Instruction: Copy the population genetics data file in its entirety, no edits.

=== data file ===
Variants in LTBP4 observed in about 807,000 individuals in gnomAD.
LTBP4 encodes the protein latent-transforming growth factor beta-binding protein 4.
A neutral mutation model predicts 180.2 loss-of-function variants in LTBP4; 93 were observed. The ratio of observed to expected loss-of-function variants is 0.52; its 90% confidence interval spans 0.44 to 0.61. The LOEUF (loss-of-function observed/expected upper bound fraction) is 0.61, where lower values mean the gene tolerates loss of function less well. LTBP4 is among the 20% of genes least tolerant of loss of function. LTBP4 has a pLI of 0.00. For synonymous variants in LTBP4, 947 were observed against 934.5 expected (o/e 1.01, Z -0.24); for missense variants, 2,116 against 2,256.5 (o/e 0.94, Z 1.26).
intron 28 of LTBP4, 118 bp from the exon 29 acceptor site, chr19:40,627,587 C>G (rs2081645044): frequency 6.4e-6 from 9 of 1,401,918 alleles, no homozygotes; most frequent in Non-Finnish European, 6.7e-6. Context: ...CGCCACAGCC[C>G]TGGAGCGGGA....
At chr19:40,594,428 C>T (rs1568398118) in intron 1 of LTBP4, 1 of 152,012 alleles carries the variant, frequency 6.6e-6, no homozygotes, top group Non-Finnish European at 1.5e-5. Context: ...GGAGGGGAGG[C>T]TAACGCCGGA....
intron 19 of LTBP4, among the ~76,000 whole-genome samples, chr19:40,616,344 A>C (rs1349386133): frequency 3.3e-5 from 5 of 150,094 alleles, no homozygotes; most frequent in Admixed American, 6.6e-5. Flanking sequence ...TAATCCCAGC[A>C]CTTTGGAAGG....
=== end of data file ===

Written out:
Variants in LTBP4 observed in about 807,000 individuals in gnomAD.
LTBP4 encodes the protein latent-transforming growth factor beta-binding protein 4.
A neutral mutation model predicts 180.2 loss-of-function variants in LTBP4; 93 were observed. The ratio of observed to expected loss-of-function variants is 0.52; its 90% confidence interval spans 0.44 to 0.61. The LOEUF (loss-of-function observed/expected upper bound fraction) is 0.61, where lower values mean the gene tolerates loss of function less well. LTBP4 is among the 20% of genes least tolerant of loss of function. LTBP4 has a pLI of 0.00. For synonymous variants in LTBP4, 947 were observed against 934.5 expected (o/e 1.01, Z -0.24); for missense variants, 2,116 against 2,256.5 (o/e 0.94, Z 1.26).
intron 28 of LTBP4, 118 bp from the exon 29 acceptor site, chr19:40,627,587 C>G (rs2081645044): frequency 6.4e-6 from 9 of 1,401,918 alleles, no homozygotes; most frequent in Non-Finnish European, 6.7e-6. Context: ...CGCCACAGCC[C>G]TGGAGCGGGA....
At chr19:40,594,428 C>T (rs1568398118) in intron 1 of LTBP4, 1 of 152,012 alleles carries the variant, frequency 6.6e-6, no homozygotes, top group Non-Finnish European at 1.5e-5. Context: ...GGAGGGGAGG[C>T]TAACGCCGGA....
intron 19 of LTBP4, among the ~76,000 whole-genome samples, chr19:40,616,344 A>C (rs1349386133): frequency 3.3e-5 from 5 of 150,094 alleles, no homozygotes; most frequent in Admixed American, 6.6e-5. Flanking sequence ...TAATCCCAGC[A>C]CTTTGGAAGG....